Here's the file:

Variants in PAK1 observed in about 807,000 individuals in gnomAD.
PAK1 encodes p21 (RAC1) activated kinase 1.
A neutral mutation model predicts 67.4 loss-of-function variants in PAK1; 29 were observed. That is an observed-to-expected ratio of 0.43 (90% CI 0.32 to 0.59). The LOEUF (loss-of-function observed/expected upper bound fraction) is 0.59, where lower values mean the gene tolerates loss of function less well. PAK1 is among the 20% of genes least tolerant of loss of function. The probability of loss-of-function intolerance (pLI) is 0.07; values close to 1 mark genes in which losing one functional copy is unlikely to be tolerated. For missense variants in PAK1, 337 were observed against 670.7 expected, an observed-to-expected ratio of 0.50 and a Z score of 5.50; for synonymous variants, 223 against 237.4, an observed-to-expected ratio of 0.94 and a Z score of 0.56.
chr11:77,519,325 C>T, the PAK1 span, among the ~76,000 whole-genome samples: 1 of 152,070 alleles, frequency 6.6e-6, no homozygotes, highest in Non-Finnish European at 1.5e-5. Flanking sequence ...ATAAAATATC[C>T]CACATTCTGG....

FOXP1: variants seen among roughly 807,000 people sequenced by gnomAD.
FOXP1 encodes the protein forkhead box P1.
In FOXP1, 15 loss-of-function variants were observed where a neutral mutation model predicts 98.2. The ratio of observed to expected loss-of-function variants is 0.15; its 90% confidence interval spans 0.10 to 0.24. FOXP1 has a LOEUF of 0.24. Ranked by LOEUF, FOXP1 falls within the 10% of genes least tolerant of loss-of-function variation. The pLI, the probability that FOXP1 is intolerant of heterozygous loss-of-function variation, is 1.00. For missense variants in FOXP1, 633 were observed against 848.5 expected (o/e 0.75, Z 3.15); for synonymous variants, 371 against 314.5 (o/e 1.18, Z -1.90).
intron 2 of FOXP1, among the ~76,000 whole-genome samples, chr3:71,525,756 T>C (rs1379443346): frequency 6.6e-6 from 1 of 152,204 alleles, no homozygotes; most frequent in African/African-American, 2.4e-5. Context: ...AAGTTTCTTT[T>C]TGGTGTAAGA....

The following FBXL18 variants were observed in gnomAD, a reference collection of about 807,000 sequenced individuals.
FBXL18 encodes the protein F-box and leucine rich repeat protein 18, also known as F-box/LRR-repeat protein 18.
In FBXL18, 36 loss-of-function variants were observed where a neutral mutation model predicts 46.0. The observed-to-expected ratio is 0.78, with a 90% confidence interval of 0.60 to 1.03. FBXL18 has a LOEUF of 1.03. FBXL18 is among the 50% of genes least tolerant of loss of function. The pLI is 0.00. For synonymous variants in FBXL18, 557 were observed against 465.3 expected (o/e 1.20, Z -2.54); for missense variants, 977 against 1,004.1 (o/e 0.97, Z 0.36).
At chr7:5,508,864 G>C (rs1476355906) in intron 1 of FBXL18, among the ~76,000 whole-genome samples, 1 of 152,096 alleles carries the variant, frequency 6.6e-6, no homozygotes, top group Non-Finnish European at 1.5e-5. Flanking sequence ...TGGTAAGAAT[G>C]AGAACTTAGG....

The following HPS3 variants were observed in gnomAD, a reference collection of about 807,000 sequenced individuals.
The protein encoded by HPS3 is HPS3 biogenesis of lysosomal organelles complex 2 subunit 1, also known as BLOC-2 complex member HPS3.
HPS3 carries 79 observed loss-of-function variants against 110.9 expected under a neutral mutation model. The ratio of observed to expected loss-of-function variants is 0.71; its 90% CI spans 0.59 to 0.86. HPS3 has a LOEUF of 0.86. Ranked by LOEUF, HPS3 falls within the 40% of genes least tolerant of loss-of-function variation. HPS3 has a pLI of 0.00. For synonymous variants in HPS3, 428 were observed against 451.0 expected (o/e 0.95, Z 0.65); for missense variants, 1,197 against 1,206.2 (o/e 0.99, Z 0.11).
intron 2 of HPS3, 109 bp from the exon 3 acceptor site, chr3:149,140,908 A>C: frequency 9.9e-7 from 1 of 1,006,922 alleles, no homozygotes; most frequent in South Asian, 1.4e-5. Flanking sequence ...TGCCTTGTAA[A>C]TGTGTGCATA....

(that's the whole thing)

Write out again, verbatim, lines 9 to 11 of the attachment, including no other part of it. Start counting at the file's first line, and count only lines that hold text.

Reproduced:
The following FBXL18 variants were observed in gnomAD, a reference collection of about 807,000 sequenced individuals.
FBXL18 encodes the protein F-box and leucine rich repeat protein 18, also known as F-box/LRR-repeat protein 18.
In FBXL18, 36 loss-of-function variants were observed where a neutral mutation model predicts 46.0. The observed-to-expected ratio is 0.78, with a 90% confidence interval of 0.60 to 1.03. FBXL18 has a LOEUF of 1.03. FBXL18 is among the 50% of genes least tolerant of loss of function. The pLI is 0.00. For synonymous variants in FBXL18, 557 were observed against 465.3 expected (o/e 1.20, Z -2.54); for missense variants, 977 against 1,004.1 (o/e 0.97, Z 0.36).